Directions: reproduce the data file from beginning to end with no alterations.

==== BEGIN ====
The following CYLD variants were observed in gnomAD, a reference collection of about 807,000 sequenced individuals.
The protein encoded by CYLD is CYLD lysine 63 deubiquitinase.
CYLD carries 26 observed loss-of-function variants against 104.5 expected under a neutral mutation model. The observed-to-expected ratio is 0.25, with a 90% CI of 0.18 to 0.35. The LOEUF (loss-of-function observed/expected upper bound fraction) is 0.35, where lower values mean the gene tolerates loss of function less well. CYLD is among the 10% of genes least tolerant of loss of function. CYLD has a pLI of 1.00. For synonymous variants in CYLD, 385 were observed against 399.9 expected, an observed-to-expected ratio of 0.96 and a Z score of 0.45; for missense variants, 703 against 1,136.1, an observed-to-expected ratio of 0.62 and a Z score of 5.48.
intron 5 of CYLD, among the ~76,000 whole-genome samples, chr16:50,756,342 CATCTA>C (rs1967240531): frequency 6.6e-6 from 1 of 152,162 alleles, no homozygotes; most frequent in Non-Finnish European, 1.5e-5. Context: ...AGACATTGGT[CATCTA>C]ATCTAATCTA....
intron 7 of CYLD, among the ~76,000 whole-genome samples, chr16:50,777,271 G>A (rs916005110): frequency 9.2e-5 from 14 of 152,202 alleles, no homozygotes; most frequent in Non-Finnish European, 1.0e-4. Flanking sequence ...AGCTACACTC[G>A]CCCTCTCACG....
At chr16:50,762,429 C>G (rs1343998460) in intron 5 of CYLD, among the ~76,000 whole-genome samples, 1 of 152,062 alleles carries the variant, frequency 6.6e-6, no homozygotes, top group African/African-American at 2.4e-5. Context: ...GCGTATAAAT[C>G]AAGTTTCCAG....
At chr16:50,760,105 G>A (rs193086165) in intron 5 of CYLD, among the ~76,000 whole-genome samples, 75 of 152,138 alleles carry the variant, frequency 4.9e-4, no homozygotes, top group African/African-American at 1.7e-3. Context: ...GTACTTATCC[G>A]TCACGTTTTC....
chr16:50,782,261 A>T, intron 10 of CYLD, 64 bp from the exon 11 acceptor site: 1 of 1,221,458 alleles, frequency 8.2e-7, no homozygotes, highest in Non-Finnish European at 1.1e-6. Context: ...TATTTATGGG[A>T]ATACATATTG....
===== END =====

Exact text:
The following CYLD variants were observed in gnomAD, a reference collection of about 807,000 sequenced individuals.
The protein encoded by CYLD is CYLD lysine 63 deubiquitinase.
CYLD carries 26 observed loss-of-function variants against 104.5 expected under a neutral mutation model. The observed-to-expected ratio is 0.25, with a 90% CI of 0.18 to 0.35. The LOEUF (loss-of-function observed/expected upper bound fraction) is 0.35, where lower values mean the gene tolerates loss of function less well. CYLD is among the 10% of genes least tolerant of loss of function. CYLD has a pLI of 1.00. For synonymous variants in CYLD, 385 were observed against 399.9 expected, an observed-to-expected ratio of 0.96 and a Z score of 0.45; for missense variants, 703 against 1,136.1, an observed-to-expected ratio of 0.62 and a Z score of 5.48.
intron 5 of CYLD, among the ~76,000 whole-genome samples, chr16:50,756,342 CATCTA>C (rs1967240531): frequency 6.6e-6 from 1 of 152,162 alleles, no homozygotes; most frequent in Non-Finnish European, 1.5e-5. Context: ...AGACATTGGT[CATCTA>C]ATCTAATCTA....
intron 7 of CYLD, among the ~76,000 whole-genome samples, chr16:50,777,271 G>A (rs916005110): frequency 9.2e-5 from 14 of 152,202 alleles, no homozygotes; most frequent in Non-Finnish European, 1.0e-4. Flanking sequence ...AGCTACACTC[G>A]CCCTCTCACG....
At chr16:50,762,429 C>G (rs1343998460) in intron 5 of CYLD, among the ~76,000 whole-genome samples, 1 of 152,062 alleles carries the variant, frequency 6.6e-6, no homozygotes, top group African/African-American at 2.4e-5. Context: ...GCGTATAAAT[C>G]AAGTTTCCAG....
At chr16:50,760,105 G>A (rs193086165) in intron 5 of CYLD, among the ~76,000 whole-genome samples, 75 of 152,138 alleles carry the variant, frequency 4.9e-4, no homozygotes, top group African/African-American at 1.7e-3. Context: ...GTACTTATCC[G>A]TCACGTTTTC....
chr16:50,782,261 A>T, intron 10 of CYLD, 64 bp from the exon 11 acceptor site: 1 of 1,221,458 alleles, frequency 8.2e-7, no homozygotes, highest in Non-Finnish European at 1.1e-6. Context: ...TATTTATGGG[A>T]ATACATATTG....